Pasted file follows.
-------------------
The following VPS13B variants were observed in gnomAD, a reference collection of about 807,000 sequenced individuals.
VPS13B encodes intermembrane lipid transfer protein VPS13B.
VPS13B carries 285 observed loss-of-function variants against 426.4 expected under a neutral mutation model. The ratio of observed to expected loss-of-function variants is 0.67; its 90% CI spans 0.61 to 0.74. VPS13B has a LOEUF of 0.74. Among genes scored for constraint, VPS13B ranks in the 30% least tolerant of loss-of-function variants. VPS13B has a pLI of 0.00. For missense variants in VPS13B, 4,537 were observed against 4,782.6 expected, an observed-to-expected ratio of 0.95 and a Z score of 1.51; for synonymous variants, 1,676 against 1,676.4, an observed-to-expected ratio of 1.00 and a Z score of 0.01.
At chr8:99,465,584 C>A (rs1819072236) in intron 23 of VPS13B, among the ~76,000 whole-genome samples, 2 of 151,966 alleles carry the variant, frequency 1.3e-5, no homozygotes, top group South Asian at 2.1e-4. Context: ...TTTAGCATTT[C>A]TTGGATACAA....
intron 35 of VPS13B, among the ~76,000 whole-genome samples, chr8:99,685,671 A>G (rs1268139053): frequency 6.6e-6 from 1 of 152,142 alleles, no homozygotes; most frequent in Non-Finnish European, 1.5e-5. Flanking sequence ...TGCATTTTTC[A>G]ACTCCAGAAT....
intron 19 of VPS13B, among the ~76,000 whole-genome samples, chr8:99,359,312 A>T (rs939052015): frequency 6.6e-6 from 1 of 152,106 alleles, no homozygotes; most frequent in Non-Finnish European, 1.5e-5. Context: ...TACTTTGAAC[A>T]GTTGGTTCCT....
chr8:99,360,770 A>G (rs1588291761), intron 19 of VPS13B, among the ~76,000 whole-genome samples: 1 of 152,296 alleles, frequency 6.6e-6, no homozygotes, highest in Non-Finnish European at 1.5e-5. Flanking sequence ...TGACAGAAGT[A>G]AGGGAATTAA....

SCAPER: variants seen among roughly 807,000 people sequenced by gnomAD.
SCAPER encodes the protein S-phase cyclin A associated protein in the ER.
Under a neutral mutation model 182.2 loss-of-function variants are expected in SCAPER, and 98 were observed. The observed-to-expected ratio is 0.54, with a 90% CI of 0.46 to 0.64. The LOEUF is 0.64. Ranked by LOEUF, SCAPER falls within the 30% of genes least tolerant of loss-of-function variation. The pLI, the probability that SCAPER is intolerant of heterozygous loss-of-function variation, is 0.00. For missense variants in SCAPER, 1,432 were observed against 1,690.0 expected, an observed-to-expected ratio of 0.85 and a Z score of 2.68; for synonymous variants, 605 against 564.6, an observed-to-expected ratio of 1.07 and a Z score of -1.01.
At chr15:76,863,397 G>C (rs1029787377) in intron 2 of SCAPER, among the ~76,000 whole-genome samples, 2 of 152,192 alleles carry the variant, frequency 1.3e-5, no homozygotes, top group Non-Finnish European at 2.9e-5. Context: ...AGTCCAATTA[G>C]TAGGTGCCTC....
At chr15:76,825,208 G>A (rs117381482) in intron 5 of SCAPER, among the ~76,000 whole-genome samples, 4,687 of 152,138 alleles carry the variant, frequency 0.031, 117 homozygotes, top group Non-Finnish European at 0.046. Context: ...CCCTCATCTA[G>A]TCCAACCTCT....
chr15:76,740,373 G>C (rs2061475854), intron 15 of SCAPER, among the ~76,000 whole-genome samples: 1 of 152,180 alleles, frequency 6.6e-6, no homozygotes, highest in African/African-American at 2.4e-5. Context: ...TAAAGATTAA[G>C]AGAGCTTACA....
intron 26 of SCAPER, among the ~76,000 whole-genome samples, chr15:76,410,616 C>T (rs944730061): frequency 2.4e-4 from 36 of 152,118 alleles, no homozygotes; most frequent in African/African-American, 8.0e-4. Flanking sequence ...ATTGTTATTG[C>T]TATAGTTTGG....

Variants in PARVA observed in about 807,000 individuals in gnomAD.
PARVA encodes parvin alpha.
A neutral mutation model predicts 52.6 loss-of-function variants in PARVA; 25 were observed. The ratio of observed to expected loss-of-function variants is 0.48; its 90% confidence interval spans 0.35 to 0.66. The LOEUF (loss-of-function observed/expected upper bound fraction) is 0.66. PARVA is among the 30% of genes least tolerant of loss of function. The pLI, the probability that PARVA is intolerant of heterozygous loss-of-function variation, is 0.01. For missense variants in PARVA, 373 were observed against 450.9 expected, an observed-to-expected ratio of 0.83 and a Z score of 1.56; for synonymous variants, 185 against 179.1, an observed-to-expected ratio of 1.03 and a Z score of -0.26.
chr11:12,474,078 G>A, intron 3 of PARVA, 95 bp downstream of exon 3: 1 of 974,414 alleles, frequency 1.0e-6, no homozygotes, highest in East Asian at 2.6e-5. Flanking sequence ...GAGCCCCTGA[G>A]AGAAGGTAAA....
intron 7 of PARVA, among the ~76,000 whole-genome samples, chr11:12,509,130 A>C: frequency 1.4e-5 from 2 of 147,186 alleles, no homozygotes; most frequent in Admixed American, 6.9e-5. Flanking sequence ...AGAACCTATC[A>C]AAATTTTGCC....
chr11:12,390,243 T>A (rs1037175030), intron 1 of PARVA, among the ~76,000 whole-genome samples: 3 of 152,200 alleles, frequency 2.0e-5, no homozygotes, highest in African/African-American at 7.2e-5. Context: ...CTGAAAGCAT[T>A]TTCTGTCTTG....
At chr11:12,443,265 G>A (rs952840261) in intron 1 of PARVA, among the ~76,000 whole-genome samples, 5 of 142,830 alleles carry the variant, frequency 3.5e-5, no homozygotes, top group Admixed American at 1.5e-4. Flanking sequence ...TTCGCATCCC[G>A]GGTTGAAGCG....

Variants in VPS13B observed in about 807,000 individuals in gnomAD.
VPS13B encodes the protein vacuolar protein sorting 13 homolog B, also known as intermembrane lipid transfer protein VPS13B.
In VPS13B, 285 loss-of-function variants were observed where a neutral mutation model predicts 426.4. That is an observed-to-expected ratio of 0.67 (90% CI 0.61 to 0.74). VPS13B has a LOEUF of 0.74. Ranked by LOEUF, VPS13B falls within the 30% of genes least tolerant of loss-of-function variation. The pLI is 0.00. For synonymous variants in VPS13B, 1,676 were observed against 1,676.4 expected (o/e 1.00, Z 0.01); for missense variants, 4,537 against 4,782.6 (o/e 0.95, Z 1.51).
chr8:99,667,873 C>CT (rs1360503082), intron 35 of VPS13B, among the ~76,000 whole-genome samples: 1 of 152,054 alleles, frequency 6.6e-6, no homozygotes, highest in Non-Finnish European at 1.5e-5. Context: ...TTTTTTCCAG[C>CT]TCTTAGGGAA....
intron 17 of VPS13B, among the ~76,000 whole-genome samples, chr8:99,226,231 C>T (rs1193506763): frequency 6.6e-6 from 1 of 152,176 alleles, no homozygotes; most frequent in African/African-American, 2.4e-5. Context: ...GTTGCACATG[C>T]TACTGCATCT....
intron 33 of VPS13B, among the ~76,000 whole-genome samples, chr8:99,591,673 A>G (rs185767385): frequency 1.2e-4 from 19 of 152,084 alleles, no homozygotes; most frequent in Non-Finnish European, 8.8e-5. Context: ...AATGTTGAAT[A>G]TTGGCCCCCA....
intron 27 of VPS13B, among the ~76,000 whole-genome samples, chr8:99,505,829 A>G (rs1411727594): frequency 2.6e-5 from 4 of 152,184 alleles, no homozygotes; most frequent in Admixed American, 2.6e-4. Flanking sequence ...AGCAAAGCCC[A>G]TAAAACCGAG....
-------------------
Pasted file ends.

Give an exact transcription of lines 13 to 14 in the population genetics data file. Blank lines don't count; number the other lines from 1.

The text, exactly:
chr15:76,740,373 G>C (rs2061475854), intron 15 of SCAPER, among the ~76,000 whole-genome samples: 1 of 152,180 alleles, frequency 6.6e-6, no homozygotes, highest in African/African-American at 2.4e-5. Context: ...TAAAGATTAA[G>C]AGAGCTTACA....
intron 26 of SCAPER, among the ~76,000 whole-genome samples, chr15:76,410,616 C>T (rs944730061): frequency 2.4e-4 from 36 of 152,118 alleles, no homozygotes; most frequent in African/African-American, 8.0e-4. Flanking sequence ...ATTGTTATTG[C>T]TATAGTTTGG....